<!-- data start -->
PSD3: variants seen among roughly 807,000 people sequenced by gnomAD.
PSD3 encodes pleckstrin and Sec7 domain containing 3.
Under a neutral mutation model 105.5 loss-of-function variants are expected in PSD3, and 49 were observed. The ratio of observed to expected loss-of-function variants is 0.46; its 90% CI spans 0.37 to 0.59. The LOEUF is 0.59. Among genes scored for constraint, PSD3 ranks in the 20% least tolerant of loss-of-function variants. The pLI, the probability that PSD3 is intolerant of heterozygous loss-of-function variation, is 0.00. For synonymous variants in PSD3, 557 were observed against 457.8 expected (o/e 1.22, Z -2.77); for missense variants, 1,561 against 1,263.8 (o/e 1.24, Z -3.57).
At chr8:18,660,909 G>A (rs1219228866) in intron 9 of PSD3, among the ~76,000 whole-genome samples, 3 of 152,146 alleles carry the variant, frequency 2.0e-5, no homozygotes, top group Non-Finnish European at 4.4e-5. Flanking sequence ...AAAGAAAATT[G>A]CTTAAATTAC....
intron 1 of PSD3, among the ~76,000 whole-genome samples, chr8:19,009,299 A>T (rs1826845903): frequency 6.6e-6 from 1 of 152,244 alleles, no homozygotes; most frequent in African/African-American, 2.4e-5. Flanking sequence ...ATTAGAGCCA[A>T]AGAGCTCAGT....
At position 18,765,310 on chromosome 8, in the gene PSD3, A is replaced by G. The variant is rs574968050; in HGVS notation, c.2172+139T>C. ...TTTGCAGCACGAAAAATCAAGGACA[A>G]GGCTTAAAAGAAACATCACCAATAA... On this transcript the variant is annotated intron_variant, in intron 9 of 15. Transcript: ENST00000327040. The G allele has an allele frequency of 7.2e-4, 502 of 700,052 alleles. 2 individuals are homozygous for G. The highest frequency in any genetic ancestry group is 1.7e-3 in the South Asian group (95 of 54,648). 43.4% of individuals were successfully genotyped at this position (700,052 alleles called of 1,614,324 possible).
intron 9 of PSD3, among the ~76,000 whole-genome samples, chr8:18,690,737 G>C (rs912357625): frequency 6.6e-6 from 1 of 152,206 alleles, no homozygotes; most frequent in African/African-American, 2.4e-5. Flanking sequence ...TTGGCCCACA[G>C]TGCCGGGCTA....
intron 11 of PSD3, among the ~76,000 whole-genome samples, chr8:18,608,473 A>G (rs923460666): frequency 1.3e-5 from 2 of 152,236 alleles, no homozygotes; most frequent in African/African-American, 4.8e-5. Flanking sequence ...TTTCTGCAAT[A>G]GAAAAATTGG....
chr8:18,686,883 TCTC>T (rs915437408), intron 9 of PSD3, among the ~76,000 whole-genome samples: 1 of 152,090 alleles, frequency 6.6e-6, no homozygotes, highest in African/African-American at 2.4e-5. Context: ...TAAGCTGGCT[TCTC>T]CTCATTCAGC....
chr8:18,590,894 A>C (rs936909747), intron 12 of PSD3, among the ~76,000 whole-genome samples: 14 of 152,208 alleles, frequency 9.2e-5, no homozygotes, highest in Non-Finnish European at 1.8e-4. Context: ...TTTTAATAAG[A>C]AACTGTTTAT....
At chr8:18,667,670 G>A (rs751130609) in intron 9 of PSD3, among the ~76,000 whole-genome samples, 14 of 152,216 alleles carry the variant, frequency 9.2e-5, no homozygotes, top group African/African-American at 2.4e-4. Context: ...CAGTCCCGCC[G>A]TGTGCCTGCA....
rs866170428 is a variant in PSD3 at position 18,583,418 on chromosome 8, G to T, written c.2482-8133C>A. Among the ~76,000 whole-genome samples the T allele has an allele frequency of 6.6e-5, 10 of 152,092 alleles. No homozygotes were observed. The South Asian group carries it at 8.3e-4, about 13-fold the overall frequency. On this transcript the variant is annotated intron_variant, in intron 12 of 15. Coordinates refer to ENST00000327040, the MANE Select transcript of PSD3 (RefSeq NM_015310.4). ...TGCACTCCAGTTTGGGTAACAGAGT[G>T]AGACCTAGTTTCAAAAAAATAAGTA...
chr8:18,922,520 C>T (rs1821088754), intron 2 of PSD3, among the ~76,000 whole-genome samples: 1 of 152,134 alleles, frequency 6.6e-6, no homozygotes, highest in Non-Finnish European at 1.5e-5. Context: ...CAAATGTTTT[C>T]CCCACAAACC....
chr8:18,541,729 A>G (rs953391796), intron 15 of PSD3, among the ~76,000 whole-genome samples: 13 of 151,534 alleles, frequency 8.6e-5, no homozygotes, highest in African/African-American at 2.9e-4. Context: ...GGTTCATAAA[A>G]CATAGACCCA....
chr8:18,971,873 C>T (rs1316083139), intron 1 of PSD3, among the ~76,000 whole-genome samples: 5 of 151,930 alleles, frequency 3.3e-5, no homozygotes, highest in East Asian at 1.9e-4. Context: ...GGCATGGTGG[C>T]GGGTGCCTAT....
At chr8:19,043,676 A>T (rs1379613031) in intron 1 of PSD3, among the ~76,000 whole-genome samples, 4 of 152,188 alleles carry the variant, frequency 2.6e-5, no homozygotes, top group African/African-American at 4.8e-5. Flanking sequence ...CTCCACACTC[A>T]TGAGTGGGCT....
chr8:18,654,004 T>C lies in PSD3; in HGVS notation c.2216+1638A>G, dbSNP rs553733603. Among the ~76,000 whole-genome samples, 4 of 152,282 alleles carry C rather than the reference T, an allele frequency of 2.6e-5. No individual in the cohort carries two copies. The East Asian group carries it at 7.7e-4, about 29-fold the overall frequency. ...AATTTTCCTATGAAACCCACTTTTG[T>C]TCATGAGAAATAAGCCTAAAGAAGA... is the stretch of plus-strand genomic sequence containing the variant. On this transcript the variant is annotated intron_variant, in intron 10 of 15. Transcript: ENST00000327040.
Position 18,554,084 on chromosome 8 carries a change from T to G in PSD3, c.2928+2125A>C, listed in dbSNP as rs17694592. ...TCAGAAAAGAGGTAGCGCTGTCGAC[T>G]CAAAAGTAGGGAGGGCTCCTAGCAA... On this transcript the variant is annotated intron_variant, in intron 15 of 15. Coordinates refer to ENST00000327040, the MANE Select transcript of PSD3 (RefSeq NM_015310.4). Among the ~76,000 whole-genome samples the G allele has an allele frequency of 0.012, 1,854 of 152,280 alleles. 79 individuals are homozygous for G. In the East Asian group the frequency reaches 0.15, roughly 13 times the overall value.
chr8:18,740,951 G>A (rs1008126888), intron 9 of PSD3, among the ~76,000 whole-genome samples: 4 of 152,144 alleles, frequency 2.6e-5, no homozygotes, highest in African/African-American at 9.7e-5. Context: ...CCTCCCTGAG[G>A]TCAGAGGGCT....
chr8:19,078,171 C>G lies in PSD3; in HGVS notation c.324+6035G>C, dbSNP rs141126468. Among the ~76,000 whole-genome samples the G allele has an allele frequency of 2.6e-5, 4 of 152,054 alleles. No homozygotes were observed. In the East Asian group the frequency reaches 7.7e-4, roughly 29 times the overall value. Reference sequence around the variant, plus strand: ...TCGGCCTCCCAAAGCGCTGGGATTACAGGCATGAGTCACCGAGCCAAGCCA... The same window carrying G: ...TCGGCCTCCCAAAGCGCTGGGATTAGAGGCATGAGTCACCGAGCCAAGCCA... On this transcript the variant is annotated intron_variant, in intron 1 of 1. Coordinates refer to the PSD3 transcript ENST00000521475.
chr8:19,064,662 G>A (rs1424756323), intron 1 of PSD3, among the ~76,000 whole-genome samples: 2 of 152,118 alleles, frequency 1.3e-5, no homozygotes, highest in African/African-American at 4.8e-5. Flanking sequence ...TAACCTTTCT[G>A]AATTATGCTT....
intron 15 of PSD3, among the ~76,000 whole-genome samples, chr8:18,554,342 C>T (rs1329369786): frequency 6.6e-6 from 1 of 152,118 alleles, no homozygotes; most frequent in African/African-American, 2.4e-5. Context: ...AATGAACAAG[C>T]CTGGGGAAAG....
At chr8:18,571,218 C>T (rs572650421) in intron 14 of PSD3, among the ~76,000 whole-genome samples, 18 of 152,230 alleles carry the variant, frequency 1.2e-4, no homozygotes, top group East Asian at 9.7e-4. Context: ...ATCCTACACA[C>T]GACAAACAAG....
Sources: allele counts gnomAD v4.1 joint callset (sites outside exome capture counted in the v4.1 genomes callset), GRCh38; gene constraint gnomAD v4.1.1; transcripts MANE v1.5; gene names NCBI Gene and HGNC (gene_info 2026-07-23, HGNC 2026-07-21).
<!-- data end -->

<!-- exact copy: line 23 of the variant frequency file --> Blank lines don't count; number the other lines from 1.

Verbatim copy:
At chr8:18,571,218 C>T (rs572650421) in intron 14 of PSD3, among the ~76,000 whole-genome samples, 18 of 152,230 alleles carry the variant, frequency 1.2e-4, no homozygotes, top group East Asian at 9.7e-4. Context: ...ATCCTACACA[C>T]GACAAACAAG....